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Which programming language have more scope in industries? and why?

Comments
  • 2
    Well, Java's everywhere.
  • 6
    Yo mama coz she got so much scope that she shows up on Google Earth.
  • 0
    @Ranchu Yes that's a true, But I'm asking about the most recent language which will make a huge impact.
  • 0
    @Fast-Nop @Fast-Nop Can you explain more? I can't get you.
  • 1
  • 0
    @AlmondSauce Thank U so much buddy, You done a wonderful job.
  • 1
    JS, Python, Rust.

    ------

    Rust if you love striving for perfection in all things.

    JS if you don't mind some pain, and aren't picky what you'll be doing with it.

    Python if you want to chase the latest fads, or really really like machine learning.

    Java if you hate yourself and want to hate your career, too.

    Ruby if you love web dev, or just want a beautiful language that is absolute bliss to write.
  • 0
    JS is #1 for sure, and the data backs that up, and with Node and Babel and Dino and NoSQL and ES, it's currently REALLY popular.

    Python was REALLY trendy maybe 3-4 years ago, and they hype has worn off but the effects are still rippling.

    Java was REALLY popular 5-10 years ago, but the hype has worn off and Kotlin and C# have been competing with it mercilessly. It's still widely used but perhaps in a downwards trend.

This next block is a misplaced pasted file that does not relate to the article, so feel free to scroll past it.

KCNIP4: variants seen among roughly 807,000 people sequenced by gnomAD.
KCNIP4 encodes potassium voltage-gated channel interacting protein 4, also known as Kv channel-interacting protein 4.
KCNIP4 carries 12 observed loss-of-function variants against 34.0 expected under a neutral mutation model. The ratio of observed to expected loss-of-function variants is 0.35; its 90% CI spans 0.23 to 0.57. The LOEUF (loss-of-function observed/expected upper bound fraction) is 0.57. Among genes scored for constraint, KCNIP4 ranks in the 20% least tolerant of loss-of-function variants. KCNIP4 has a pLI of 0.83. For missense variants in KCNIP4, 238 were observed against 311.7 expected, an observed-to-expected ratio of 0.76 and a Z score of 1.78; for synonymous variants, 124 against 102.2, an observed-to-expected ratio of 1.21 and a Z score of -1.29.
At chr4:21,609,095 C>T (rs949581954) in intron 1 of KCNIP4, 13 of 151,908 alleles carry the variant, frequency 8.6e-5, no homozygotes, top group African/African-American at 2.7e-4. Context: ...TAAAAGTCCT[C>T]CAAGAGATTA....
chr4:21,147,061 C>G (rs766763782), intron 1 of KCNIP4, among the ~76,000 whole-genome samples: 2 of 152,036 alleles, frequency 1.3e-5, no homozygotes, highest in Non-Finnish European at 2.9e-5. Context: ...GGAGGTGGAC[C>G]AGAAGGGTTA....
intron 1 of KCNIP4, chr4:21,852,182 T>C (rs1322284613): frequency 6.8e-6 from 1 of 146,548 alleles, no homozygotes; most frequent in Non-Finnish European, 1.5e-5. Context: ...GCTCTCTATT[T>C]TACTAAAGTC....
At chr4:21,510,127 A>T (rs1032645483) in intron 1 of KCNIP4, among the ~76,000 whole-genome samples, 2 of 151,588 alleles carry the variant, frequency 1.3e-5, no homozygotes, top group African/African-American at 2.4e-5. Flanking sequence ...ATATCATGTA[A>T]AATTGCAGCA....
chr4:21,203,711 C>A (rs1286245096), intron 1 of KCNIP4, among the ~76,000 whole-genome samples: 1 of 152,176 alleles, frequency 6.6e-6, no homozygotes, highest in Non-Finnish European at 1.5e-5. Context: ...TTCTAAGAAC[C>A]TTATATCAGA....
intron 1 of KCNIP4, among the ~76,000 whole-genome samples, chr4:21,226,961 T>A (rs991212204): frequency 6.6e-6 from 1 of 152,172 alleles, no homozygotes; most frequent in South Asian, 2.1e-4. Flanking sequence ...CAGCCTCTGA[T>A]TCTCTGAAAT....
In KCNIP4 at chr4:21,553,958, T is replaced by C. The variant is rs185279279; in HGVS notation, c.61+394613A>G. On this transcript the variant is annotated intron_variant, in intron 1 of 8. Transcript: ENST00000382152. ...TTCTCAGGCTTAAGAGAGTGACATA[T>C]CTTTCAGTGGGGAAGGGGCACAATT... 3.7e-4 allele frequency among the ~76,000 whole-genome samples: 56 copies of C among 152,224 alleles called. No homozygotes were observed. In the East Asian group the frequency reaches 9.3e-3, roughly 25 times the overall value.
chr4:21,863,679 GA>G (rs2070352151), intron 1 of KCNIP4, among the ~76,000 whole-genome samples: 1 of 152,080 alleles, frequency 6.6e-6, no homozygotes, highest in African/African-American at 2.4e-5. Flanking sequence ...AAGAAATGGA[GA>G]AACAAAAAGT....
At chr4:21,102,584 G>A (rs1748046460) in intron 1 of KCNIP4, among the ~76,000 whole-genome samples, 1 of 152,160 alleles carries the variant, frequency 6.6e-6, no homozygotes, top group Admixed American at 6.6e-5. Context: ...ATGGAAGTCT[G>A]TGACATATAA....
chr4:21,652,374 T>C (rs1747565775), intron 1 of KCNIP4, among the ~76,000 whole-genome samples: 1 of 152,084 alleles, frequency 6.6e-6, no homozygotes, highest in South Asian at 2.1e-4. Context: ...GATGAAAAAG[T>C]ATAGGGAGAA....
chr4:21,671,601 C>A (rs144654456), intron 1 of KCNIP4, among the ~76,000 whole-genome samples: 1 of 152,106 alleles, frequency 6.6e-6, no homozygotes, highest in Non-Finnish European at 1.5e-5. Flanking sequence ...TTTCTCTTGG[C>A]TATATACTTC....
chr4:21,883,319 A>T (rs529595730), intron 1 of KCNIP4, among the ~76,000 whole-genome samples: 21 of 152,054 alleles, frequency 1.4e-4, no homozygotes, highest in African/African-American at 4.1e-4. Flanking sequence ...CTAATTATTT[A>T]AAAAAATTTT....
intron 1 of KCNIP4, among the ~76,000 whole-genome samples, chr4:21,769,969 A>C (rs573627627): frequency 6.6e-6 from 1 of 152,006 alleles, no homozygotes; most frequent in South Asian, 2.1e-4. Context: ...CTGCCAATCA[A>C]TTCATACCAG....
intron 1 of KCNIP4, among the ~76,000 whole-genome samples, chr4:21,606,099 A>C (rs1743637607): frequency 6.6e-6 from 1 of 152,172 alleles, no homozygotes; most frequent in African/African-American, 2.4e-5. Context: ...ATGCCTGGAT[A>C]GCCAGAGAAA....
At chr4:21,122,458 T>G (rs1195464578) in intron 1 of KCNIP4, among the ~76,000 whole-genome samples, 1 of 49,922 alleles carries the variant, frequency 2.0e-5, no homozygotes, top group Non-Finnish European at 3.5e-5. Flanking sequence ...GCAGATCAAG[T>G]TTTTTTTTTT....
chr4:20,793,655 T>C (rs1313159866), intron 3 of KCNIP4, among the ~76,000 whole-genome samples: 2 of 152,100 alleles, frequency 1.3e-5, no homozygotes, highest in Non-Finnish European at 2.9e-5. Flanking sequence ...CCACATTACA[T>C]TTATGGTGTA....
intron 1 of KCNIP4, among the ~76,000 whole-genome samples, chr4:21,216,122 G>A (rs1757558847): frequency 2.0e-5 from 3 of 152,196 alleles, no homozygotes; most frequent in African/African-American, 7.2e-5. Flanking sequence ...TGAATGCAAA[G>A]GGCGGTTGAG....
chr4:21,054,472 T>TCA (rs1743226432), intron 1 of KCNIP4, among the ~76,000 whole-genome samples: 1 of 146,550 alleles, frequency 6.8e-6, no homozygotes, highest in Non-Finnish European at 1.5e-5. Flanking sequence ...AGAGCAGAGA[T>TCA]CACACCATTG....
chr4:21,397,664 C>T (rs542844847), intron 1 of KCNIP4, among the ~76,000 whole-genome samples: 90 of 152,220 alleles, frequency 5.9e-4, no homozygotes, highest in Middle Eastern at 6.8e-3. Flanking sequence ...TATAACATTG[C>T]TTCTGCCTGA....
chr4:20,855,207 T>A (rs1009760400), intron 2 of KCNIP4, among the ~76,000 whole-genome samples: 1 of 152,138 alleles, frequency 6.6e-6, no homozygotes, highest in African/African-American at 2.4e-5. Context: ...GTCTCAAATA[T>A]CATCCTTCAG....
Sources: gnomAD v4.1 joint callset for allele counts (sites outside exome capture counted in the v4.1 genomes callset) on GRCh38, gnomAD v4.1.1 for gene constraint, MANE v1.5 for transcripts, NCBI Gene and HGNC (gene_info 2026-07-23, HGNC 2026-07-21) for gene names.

Rust and Golang are currently incubating, they may or may not take off. Rust seems the more popular of the two.

    That's the general stuff. Industry specific,

    C and ASM will always dominate embedded applications.

    C# and C++ are currently beating the shit out of each other in game development. Lua and custom blueprinting languages are popular secondary languages. Rust may or may not take off here too.

    Kotlin and Swift and industry leaders for Mobile development, but JS bears its ugly head here too.

    Python and C++ are used widely in data science.
  • 0
    I ran out of room in my comment.

    PHP is still very popular in web backends, though the technologies PHP is usually supplemented with are currently changing. Same thing with .net: still very widely used, but now there's a weird mix between ASP and MVC. There's a shameful amount of ASP written in VB, but C# has an overwhelming majority in MVC.

    TypeScript is a strange story. Some people seem to love it, and others seem to have never been interested enough to touch it. I find myself in the second camp. I feel like TS may end up being legacy soon enough, but not for the next 10 years.

    As for databases, MS and Oracle are popular in $$$ businesses that aren't super techy. MySQL is very popular with startups and more techy groups. NoSQL is starting to become very popular with web services and in some niche areas where they do well (such as logging services and monitoring services)

    OpenGL is in danger to Vulkan. I'm out of characters for my comment again. This is the end though.
  • 0
    @Root ✌️✌️
  • 0
    @AlgoRythm ✌️✌️thanks for the information.
  • 0
    Js lmao it’s been to space now
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